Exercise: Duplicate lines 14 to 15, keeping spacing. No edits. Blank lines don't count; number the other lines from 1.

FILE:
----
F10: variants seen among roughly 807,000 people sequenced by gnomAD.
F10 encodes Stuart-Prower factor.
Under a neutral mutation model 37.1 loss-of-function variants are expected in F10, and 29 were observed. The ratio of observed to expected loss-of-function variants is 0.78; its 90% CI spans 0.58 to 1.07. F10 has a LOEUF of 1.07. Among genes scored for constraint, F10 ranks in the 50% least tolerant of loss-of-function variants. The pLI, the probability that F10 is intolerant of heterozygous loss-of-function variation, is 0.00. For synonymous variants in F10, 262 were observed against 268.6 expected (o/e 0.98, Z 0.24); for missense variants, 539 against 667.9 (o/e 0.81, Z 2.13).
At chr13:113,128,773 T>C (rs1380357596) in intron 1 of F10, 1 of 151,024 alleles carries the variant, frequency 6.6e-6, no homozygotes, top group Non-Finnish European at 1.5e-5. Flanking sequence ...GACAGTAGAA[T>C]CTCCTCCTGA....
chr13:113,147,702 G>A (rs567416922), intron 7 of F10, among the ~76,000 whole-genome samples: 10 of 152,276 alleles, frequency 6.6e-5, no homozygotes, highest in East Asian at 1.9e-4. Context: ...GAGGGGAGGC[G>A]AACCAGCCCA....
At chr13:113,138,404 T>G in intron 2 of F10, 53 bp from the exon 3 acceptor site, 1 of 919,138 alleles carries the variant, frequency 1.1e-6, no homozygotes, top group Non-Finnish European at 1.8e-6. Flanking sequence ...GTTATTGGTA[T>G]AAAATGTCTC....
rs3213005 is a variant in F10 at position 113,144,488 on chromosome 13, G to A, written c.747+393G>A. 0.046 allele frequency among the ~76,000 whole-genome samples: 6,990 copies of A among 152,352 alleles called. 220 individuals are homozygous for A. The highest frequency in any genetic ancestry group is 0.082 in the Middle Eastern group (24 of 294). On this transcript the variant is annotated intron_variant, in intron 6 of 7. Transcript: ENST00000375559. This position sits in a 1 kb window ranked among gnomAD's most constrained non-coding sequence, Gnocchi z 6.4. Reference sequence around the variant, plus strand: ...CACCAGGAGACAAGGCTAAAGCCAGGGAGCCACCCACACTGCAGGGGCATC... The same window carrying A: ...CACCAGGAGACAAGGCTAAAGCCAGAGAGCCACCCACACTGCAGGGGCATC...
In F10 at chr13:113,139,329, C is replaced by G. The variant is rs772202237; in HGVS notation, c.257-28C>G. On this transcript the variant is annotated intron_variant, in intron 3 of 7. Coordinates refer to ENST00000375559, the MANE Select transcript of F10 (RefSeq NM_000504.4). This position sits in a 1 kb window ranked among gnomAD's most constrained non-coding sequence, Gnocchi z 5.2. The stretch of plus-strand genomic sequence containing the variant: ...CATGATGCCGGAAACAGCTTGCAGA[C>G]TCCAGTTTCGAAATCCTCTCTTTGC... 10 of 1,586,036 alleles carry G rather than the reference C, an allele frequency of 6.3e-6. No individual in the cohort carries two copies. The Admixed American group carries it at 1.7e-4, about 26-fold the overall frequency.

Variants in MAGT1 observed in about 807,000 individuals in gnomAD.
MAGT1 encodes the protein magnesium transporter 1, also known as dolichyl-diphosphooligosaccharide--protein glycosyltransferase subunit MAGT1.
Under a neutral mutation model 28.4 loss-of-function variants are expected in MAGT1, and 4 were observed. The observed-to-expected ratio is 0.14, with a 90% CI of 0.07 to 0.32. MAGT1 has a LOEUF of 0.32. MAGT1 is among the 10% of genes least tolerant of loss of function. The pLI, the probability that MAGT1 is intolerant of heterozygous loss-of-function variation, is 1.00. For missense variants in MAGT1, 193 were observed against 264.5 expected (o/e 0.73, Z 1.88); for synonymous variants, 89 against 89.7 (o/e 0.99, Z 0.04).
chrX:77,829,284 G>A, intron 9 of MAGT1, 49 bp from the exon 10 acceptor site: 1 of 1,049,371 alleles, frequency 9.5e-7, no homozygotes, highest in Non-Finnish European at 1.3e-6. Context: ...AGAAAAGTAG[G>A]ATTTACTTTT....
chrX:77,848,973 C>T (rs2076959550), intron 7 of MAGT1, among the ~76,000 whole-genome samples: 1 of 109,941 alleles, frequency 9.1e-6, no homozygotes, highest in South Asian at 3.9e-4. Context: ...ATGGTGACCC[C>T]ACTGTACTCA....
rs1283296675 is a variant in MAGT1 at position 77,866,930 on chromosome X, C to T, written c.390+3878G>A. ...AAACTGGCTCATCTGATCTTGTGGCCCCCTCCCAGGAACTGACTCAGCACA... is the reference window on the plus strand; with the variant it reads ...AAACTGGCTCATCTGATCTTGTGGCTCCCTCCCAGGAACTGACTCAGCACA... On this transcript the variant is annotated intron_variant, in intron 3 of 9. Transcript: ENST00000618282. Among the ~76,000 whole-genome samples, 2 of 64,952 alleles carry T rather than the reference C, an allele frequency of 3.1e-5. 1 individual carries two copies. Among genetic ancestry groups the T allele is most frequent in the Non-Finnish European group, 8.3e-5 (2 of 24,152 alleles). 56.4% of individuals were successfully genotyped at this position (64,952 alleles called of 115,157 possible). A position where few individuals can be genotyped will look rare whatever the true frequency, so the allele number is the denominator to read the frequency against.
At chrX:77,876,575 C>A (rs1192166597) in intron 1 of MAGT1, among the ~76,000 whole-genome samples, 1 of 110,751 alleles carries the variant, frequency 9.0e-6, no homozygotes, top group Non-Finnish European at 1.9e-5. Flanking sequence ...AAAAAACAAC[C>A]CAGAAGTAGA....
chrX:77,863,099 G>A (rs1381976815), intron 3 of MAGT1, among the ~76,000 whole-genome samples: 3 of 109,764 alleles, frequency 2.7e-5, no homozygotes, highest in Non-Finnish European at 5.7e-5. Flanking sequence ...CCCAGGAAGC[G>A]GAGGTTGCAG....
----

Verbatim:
rs1283296675 is a variant in MAGT1 at position 77,866,930 on chromosome X, C to T, written c.390+3878G>A. ...AAACTGGCTCATCTGATCTTGTGGCCCCCTCCCAGGAACTGACTCAGCACA... is the reference window on the plus strand; with the variant it reads ...AAACTGGCTCATCTGATCTTGTGGCTCCCTCCCAGGAACTGACTCAGCACA... On this transcript the variant is annotated intron_variant, in intron 3 of 9. Transcript: ENST00000618282. Among the ~76,000 whole-genome samples, 2 of 64,952 alleles carry T rather than the reference C, an allele frequency of 3.1e-5. 1 individual carries two copies. Among genetic ancestry groups the T allele is most frequent in the Non-Finnish European group, 8.3e-5 (2 of 24,152 alleles). 56.4% of individuals were successfully genotyped at this position (64,952 alleles called of 115,157 possible). A position where few individuals can be genotyped will look rare whatever the true frequency, so the allele number is the denominator to read the frequency against.
At chrX:77,876,575 C>A (rs1192166597) in intron 1 of MAGT1, among the ~76,000 whole-genome samples, 1 of 110,751 alleles carries the variant, frequency 9.0e-6, no homozygotes, top group Non-Finnish European at 1.9e-5. Flanking sequence ...AAAAAACAAC[C>A]CAGAAGTAGA....